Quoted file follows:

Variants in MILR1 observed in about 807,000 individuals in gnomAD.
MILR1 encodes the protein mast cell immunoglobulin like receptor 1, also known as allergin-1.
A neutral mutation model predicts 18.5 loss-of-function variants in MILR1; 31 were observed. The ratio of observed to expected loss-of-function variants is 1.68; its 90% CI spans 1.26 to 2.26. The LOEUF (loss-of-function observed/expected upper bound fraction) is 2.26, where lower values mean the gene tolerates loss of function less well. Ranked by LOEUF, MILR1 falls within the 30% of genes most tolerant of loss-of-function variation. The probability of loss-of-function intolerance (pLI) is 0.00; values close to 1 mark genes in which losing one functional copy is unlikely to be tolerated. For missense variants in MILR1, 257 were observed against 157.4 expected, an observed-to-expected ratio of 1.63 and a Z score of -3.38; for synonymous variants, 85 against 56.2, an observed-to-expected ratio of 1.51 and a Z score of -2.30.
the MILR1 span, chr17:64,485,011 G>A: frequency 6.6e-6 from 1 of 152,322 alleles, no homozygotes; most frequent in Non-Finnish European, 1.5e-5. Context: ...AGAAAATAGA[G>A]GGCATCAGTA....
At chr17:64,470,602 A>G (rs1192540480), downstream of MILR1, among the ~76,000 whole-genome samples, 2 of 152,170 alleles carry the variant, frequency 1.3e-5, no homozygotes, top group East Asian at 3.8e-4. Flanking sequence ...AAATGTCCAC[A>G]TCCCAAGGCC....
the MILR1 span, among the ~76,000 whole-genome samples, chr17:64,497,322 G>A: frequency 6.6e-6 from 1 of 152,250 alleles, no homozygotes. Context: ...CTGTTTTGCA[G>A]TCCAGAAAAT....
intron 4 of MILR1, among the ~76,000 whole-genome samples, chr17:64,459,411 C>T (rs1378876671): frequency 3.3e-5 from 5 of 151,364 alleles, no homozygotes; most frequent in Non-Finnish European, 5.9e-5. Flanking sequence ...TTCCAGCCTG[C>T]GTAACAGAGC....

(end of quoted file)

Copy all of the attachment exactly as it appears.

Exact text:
Variants in MILR1 observed in about 807,000 individuals in gnomAD.
MILR1 encodes the protein mast cell immunoglobulin like receptor 1, also known as allergin-1.
A neutral mutation model predicts 18.5 loss-of-function variants in MILR1; 31 were observed. The ratio of observed to expected loss-of-function variants is 1.68; its 90% CI spans 1.26 to 2.26. The LOEUF (loss-of-function observed/expected upper bound fraction) is 2.26, where lower values mean the gene tolerates loss of function less well. Ranked by LOEUF, MILR1 falls within the 30% of genes most tolerant of loss-of-function variation. The probability of loss-of-function intolerance (pLI) is 0.00; values close to 1 mark genes in which losing one functional copy is unlikely to be tolerated. For missense variants in MILR1, 257 were observed against 157.4 expected, an observed-to-expected ratio of 1.63 and a Z score of -3.38; for synonymous variants, 85 against 56.2, an observed-to-expected ratio of 1.51 and a Z score of -2.30.
the MILR1 span, chr17:64,485,011 G>A: frequency 6.6e-6 from 1 of 152,322 alleles, no homozygotes; most frequent in Non-Finnish European, 1.5e-5. Context: ...AGAAAATAGA[G>A]GGCATCAGTA....
At chr17:64,470,602 A>G (rs1192540480), downstream of MILR1, among the ~76,000 whole-genome samples, 2 of 152,170 alleles carry the variant, frequency 1.3e-5, no homozygotes, top group East Asian at 3.8e-4. Flanking sequence ...AAATGTCCAC[A>G]TCCCAAGGCC....
the MILR1 span, among the ~76,000 whole-genome samples, chr17:64,497,322 G>A: frequency 6.6e-6 from 1 of 152,250 alleles, no homozygotes. Context: ...CTGTTTTGCA[G>A]TCCAGAAAAT....
intron 4 of MILR1, among the ~76,000 whole-genome samples, chr17:64,459,411 C>T (rs1378876671): frequency 3.3e-5 from 5 of 151,364 alleles, no homozygotes; most frequent in Non-Finnish European, 5.9e-5. Flanking sequence ...TTCCAGCCTG[C>T]GTAACAGAGC....